Cardiobacterium hominis endocarditis complicated by aortic root abscess: a case report.
ABSTRACT: The present report describes a case of infective endocarditis complicated with aortic root abscess caused by Cardiobacterium hominis in a 56-year-old man. C. hominis is a microaerophilic, pleomorphic Gram-negative bacillus and member of the Haemophilus species, Aggregatibacter actinomycetemcomitans , C. hominis , Eikenella corrodens and Kingella kingae (HACEK) group, a group of bacteria known to be a rare cause of endocarditis. With prompt diagnosis and initiation of antimicrobial and surgical management, a successful outcome was achieved.
Project description:To elucidate the putative function of a gene, effective tools are required for genetic characterization that facilitate its inactivation, deletion or modification on the bacterial chromosome. In the present study, the nucleotide sequence of the Escherichia coli/Aggregatibacter actinomycetemcomitans shuttle vector pYGK was determined, allowing us to redesign and construct a new shuttle cloning vector, pJT4, and promoterless lacZ transcriptional/translational fusion plasmids, pJT3 and pJT5. Plasmids pJT4 and pJT5 contain the origin of replication necessary to maintain shuttle vector replication. In addition, a new suicide vector, pJT1, was constructed for the generation of scarless and markerless deletion mutations of genes in the oral pathogen A. actinomycetemcomitans. Plasmid pJT1 is a pUC-based suicide vector that is counter-selectable for sucrose sensitivity. This vector does not leave antibiotic markers or scars on the chromosome after gene deletion and thus provides the option to combine several mutations in the same genetic background. The effectiveness of pJT1 was demonstrated by the construction of A. actinomycetemcomitans isogenic qseB single deletion (?qseB) mutant and lsrRK double deletion mutants (?lsrRK). These new vectors may offer alternatives for genetic studies in A. actinomycetemcomitans and other members of the HACEK (Haemophilus spp., A. actinomycetemcomitans, Cardiobacterium hominis, Eikenella corrodens, and Kingella kingae) group of Gram-negative bacteria.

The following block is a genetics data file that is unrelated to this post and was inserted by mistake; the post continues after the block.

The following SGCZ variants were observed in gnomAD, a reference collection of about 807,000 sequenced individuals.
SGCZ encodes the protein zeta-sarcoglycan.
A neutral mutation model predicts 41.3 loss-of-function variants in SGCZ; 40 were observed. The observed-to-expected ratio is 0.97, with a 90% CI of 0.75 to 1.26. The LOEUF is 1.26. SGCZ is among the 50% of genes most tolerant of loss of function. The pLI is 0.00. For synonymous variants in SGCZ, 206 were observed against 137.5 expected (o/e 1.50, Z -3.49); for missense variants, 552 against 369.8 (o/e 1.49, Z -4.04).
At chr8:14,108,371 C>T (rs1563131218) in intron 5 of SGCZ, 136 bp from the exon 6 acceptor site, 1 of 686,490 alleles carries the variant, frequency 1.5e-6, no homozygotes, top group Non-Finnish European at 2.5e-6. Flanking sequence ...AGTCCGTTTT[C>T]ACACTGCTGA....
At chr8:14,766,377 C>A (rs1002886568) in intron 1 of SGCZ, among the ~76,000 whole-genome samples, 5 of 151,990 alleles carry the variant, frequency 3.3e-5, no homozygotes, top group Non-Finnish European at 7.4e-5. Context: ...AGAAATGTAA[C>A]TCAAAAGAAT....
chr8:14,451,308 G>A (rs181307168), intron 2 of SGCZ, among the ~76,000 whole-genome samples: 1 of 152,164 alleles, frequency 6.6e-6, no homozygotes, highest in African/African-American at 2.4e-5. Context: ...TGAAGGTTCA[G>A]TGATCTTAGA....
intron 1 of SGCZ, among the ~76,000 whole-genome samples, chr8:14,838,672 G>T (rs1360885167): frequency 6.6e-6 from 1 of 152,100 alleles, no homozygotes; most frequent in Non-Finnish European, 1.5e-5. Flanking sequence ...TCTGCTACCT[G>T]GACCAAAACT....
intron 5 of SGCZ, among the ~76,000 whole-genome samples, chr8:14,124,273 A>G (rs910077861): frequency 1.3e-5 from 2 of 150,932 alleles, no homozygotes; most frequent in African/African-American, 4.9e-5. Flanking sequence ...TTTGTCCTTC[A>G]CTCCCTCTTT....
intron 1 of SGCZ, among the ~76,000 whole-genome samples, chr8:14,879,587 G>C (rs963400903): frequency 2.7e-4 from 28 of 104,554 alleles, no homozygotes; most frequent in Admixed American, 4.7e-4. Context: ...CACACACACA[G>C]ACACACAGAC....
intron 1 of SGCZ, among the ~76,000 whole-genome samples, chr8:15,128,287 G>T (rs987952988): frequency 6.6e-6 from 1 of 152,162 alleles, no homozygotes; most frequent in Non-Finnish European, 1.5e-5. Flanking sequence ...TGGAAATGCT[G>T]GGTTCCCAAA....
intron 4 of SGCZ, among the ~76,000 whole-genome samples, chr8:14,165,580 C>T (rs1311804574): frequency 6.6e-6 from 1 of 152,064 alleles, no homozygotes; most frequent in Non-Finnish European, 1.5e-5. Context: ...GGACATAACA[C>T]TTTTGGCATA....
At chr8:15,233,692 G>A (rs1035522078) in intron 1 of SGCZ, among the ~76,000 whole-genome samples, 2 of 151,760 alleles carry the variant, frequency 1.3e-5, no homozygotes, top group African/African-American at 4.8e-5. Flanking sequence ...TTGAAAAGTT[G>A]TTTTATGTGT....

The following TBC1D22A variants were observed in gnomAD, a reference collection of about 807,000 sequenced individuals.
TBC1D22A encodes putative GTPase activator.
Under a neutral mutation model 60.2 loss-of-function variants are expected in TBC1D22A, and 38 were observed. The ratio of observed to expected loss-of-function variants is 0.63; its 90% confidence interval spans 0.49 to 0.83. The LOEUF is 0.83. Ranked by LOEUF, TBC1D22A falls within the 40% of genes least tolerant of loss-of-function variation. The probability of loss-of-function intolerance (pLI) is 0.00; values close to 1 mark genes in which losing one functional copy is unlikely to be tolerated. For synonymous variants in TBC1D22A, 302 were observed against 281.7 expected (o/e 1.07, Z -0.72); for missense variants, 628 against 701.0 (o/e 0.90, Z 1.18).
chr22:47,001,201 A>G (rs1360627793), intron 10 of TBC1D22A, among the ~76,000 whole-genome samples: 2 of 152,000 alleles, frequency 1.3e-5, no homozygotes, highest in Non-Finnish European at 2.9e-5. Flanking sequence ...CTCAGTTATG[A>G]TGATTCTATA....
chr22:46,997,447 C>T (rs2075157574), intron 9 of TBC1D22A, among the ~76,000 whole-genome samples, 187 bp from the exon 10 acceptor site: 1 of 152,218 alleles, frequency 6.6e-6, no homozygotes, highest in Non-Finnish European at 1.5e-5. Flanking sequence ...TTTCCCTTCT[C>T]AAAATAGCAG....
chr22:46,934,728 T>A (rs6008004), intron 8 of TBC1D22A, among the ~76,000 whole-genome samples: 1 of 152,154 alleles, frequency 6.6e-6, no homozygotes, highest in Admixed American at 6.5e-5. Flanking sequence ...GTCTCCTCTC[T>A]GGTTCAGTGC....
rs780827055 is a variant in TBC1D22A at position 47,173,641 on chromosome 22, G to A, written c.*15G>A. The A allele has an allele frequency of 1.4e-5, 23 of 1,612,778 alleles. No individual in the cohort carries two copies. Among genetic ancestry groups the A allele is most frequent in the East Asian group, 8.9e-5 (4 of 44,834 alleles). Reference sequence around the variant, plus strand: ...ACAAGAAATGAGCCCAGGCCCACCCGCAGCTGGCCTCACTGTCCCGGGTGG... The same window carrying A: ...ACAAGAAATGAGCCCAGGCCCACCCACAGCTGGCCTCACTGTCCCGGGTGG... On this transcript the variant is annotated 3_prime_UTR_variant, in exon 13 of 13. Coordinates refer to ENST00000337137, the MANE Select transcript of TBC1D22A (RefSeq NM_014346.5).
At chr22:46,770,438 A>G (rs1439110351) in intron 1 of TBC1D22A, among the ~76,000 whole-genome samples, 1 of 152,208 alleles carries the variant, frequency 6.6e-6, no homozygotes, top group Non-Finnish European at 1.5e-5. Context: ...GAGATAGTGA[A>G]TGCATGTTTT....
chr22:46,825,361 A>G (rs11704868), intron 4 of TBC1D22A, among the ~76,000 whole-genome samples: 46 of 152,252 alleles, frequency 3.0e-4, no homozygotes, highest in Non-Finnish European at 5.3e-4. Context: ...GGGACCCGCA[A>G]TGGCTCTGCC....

Project description:The HACEK organisms (Haemophilus species, Aggregatibacter species, Cardiobacterium hominis, Eikenella corrodens, and Kingella species) are rare causes of infective endocarditis (IE). The objective of this study is to describe the clinical characteristics and outcomes of patients with HACEK endocarditis (HE) in a large multi-national cohort. Patients hospitalized with definite or possible infective endocarditis by the International Collaboration on Endocarditis Prospective Cohort Study in 64 hospitals from 28 countries were included and characteristics of HE patients compared with IE due to other pathogens. Of 5591 patients enrolled, 77 (1.4%) had HE. HE was associated with a younger age (47 vs. 61 years; p<0.001), a higher prevalence of immunologic/vascular manifestations (32% vs. 20%; p<0.008) and stroke (25% vs. 17% p = 0.05) but a lower prevalence of congestive heart failure (15% vs. 30%; p = 0.004), death in-hospital (4% vs. 18%; p = 0.001) or after 1 year follow-up (6% vs. 20%; p = 0.01) than IE due to other pathogens (n = 5514). On multivariable analysis, stroke was associated with mitral valve vegetations (OR 3.60; CI 1.34-9.65; p<0.01) and younger age (OR 0.62; CI 0.49-0.90; p<0.01). The overall outcome of HE was excellent with the in-hospital mortality (4%) significantly better than for non-HE (18%; p<0.001). Prosthetic valve endocarditis was more common in HE (35%) than non-HE (24%). The outcome of prosthetic valve and native valve HE was excellent whether treated medically or with surgery. Current treatment is very successful for the management of both native valve prosthetic valve HE but further studies are needed to determine why HE has a predilection for younger people and to cause stroke. The small number of patients and observational design limit inferences on treatment strategies. Self selection of study sites limits epidemiological inferences.
Project description:Cardiobacterium hominis is a well-known commensal bacterium of the oral cavity and an agent of infective endocarditis in humans. Here, we provide a draft genome sequence of a pathogenic strain isolated from blood cultures of a patient with infectious endocarditis.